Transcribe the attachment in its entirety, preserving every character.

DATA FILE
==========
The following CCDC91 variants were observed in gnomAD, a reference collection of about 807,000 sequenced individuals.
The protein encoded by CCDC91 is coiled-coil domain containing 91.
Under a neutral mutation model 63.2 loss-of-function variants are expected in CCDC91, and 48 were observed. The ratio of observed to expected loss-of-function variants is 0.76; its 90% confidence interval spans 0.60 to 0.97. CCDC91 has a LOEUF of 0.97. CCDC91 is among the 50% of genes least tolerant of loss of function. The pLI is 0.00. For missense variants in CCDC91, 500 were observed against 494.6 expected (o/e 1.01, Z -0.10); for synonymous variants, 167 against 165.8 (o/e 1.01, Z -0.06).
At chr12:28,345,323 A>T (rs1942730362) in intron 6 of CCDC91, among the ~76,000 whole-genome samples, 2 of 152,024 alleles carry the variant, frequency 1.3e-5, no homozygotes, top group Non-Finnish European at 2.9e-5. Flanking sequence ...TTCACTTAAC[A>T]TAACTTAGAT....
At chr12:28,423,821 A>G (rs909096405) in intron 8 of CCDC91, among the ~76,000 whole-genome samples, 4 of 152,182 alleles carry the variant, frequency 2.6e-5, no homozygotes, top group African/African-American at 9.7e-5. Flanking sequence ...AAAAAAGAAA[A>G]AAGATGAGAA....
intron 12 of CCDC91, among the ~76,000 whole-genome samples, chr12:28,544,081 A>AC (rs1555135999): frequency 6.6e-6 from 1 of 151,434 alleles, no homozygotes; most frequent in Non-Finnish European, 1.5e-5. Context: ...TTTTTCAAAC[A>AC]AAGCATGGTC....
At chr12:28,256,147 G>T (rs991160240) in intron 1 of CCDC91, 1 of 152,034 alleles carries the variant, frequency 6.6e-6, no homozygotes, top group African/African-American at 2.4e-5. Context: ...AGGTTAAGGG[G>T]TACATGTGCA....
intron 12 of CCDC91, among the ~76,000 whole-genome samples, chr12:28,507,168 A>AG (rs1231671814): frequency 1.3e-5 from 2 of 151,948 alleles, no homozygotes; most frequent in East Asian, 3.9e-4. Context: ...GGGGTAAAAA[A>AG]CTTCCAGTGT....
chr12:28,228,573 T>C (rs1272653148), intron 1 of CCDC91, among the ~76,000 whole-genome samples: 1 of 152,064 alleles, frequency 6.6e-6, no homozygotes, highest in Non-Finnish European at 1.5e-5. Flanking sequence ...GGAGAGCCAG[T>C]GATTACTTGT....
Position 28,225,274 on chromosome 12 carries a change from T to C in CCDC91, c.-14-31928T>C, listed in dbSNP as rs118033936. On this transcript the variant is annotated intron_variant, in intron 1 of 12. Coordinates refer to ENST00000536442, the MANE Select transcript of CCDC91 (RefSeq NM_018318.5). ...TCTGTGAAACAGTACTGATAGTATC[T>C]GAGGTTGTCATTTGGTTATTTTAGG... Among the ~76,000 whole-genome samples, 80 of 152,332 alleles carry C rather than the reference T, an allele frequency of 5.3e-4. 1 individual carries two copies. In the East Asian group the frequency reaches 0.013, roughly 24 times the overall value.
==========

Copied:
The following CCDC91 variants were observed in gnomAD, a reference collection of about 807,000 sequenced individuals.
The protein encoded by CCDC91 is coiled-coil domain containing 91.
Under a neutral mutation model 63.2 loss-of-function variants are expected in CCDC91, and 48 were observed. The ratio of observed to expected loss-of-function variants is 0.76; its 90% confidence interval spans 0.60 to 0.97. CCDC91 has a LOEUF of 0.97. CCDC91 is among the 50% of genes least tolerant of loss of function. The pLI is 0.00. For missense variants in CCDC91, 500 were observed against 494.6 expected (o/e 1.01, Z -0.10); for synonymous variants, 167 against 165.8 (o/e 1.01, Z -0.06).
At chr12:28,345,323 A>T (rs1942730362) in intron 6 of CCDC91, among the ~76,000 whole-genome samples, 2 of 152,024 alleles carry the variant, frequency 1.3e-5, no homozygotes, top group Non-Finnish European at 2.9e-5. Flanking sequence ...TTCACTTAAC[A>T]TAACTTAGAT....
At chr12:28,423,821 A>G (rs909096405) in intron 8 of CCDC91, among the ~76,000 whole-genome samples, 4 of 152,182 alleles carry the variant, frequency 2.6e-5, no homozygotes, top group African/African-American at 9.7e-5. Flanking sequence ...AAAAAAGAAA[A>G]AAGATGAGAA....
intron 12 of CCDC91, among the ~76,000 whole-genome samples, chr12:28,544,081 A>AC (rs1555135999): frequency 6.6e-6 from 1 of 151,434 alleles, no homozygotes; most frequent in Non-Finnish European, 1.5e-5. Context: ...TTTTTCAAAC[A>AC]AAGCATGGTC....
At chr12:28,256,147 G>T (rs991160240) in intron 1 of CCDC91, 1 of 152,034 alleles carries the variant, frequency 6.6e-6, no homozygotes, top group African/African-American at 2.4e-5. Context: ...AGGTTAAGGG[G>T]TACATGTGCA....
intron 12 of CCDC91, among the ~76,000 whole-genome samples, chr12:28,507,168 A>AG (rs1231671814): frequency 1.3e-5 from 2 of 151,948 alleles, no homozygotes; most frequent in East Asian, 3.9e-4. Context: ...GGGGTAAAAA[A>AG]CTTCCAGTGT....
chr12:28,228,573 T>C (rs1272653148), intron 1 of CCDC91, among the ~76,000 whole-genome samples: 1 of 152,064 alleles, frequency 6.6e-6, no homozygotes, highest in Non-Finnish European at 1.5e-5. Flanking sequence ...GGAGAGCCAG[T>C]GATTACTTGT....
Position 28,225,274 on chromosome 12 carries a change from T to C in CCDC91, c.-14-31928T>C, listed in dbSNP as rs118033936. On this transcript the variant is annotated intron_variant, in intron 1 of 12. Coordinates refer to ENST00000536442, the MANE Select transcript of CCDC91 (RefSeq NM_018318.5). ...TCTGTGAAACAGTACTGATAGTATC[T>C]GAGGTTGTCATTTGGTTATTTTAGG... Among the ~76,000 whole-genome samples, 80 of 152,332 alleles carry C rather than the reference T, an allele frequency of 5.3e-4. 1 individual carries two copies. In the East Asian group the frequency reaches 0.013, roughly 24 times the overall value.